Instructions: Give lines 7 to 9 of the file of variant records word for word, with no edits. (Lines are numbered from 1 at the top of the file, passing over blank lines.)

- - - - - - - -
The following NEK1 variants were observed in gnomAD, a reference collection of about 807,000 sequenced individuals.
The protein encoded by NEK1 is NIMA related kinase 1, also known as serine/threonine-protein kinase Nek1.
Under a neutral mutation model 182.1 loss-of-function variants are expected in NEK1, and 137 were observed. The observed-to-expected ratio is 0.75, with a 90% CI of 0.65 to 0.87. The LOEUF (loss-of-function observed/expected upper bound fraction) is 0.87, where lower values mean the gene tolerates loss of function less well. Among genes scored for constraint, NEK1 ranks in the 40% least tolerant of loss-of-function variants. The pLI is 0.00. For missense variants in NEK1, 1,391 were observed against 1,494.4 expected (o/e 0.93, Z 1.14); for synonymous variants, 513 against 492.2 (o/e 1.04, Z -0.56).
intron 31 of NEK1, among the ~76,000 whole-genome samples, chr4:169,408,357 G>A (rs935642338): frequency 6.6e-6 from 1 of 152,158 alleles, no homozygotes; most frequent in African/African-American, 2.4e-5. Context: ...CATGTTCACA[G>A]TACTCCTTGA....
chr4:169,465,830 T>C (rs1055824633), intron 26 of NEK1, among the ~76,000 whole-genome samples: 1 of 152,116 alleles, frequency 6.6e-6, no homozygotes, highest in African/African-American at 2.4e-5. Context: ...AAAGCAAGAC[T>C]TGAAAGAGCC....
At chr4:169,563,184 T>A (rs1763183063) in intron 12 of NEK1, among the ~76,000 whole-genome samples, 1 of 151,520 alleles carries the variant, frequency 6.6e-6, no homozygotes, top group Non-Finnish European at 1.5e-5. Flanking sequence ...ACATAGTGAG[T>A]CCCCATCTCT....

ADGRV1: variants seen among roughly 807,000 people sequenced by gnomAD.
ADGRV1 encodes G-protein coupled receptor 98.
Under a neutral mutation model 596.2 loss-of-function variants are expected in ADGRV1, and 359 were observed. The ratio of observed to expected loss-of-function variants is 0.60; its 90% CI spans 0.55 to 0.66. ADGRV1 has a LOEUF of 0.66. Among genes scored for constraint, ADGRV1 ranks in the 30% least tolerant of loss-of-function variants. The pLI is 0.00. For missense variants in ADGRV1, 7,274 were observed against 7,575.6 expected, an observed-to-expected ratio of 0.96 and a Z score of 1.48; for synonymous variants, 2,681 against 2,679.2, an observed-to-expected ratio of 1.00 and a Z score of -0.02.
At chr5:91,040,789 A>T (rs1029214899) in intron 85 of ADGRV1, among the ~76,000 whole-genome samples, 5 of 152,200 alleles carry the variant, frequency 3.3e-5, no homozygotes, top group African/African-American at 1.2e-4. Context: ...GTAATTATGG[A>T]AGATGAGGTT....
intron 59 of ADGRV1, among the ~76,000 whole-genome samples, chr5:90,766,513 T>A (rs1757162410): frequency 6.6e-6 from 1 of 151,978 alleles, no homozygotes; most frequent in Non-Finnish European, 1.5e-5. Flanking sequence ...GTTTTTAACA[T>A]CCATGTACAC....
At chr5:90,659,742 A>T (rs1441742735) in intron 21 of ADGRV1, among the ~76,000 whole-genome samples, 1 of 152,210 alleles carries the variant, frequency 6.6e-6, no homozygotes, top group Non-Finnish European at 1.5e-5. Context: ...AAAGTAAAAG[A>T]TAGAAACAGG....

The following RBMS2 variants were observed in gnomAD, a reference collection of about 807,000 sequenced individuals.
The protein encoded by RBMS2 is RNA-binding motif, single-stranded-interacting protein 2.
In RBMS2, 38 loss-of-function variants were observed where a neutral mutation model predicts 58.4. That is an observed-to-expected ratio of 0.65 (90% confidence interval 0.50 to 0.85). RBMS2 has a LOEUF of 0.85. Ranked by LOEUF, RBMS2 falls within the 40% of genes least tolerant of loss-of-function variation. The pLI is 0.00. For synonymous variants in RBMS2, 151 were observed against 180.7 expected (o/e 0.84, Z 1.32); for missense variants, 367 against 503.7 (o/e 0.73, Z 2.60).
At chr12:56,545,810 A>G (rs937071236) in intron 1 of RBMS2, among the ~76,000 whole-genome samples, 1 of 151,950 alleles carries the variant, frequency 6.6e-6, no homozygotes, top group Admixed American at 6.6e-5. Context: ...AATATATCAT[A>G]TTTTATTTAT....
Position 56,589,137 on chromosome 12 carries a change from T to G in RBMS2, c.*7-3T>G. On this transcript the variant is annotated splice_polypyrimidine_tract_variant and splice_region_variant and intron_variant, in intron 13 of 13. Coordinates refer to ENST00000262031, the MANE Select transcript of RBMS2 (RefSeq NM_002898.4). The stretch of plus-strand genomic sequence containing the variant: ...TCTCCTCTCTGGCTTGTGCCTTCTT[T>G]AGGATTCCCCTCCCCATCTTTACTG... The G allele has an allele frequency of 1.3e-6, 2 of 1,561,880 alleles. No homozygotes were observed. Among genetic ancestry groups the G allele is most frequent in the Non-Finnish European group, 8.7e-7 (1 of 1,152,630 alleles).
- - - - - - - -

ADGRV1: variants seen among roughly 807,000 people sequenced by gnomAD.
ADGRV1 encodes G-protein coupled receptor 98.
Under a neutral mutation model 596.2 loss-of-function variants are expected in ADGRV1, and 359 were observed. The ratio of observed to expected loss-of-function variants is 0.60; its 90% CI spans 0.55 to 0.66. ADGRV1 has a LOEUF of 0.66. Among genes scored for constraint, ADGRV1 ranks in the 30% least tolerant of loss-of-function variants. The pLI is 0.00. For missense variants in ADGRV1, 7,274 were observed against 7,575.6 expected, an observed-to-expected ratio of 0.96 and a Z score of 1.48; for synonymous variants, 2,681 against 2,679.2, an observed-to-expected ratio of 1.00 and a Z score of -0.02.